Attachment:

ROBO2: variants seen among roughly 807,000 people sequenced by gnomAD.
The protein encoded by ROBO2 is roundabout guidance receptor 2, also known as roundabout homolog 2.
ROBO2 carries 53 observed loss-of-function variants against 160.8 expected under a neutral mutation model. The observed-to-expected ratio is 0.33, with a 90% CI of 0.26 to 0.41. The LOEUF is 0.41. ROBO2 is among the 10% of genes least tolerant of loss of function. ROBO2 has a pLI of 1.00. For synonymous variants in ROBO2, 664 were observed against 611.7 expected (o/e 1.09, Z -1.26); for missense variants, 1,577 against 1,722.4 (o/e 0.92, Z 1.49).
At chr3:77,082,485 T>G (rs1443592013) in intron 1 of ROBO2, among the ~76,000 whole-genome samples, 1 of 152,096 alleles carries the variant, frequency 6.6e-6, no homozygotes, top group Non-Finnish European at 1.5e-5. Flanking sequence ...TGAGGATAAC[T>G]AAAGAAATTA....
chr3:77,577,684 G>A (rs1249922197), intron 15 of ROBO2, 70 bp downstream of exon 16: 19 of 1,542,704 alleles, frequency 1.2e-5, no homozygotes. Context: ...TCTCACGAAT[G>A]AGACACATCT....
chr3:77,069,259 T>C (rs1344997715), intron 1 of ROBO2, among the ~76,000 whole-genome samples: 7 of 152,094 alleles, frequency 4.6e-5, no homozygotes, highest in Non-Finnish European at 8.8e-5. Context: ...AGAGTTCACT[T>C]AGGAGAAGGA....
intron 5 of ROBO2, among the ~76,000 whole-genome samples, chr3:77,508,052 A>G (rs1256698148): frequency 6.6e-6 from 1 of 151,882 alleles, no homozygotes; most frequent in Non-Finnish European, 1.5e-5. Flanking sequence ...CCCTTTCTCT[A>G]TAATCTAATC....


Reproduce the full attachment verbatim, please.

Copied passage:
ROBO2: variants seen among roughly 807,000 people sequenced by gnomAD.
The protein encoded by ROBO2 is roundabout guidance receptor 2, also known as roundabout homolog 2.
ROBO2 carries 53 observed loss-of-function variants against 160.8 expected under a neutral mutation model. The observed-to-expected ratio is 0.33, with a 90% CI of 0.26 to 0.41. The LOEUF is 0.41. ROBO2 is among the 10% of genes least tolerant of loss of function. ROBO2 has a pLI of 1.00. For synonymous variants in ROBO2, 664 were observed against 611.7 expected (o/e 1.09, Z -1.26); for missense variants, 1,577 against 1,722.4 (o/e 0.92, Z 1.49).
At chr3:77,082,485 T>G (rs1443592013) in intron 1 of ROBO2, among the ~76,000 whole-genome samples, 1 of 152,096 alleles carries the variant, frequency 6.6e-6, no homozygotes, top group Non-Finnish European at 1.5e-5. Flanking sequence ...TGAGGATAAC[T>G]AAAGAAATTA....
chr3:77,577,684 G>A (rs1249922197), intron 15 of ROBO2, 70 bp downstream of exon 16: 19 of 1,542,704 alleles, frequency 1.2e-5, no homozygotes. Context: ...TCTCACGAAT[G>A]AGACACATCT....
chr3:77,069,259 T>C (rs1344997715), intron 1 of ROBO2, among the ~76,000 whole-genome samples: 7 of 152,094 alleles, frequency 4.6e-5, no homozygotes, highest in Non-Finnish European at 8.8e-5. Context: ...AGAGTTCACT[T>C]AGGAGAAGGA....
intron 5 of ROBO2, among the ~76,000 whole-genome samples, chr3:77,508,052 A>G (rs1256698148): frequency 6.6e-6 from 1 of 151,882 alleles, no homozygotes; most frequent in Non-Finnish European, 1.5e-5. Flanking sequence ...CCCTTTCTCT[A>G]TAATCTAATC....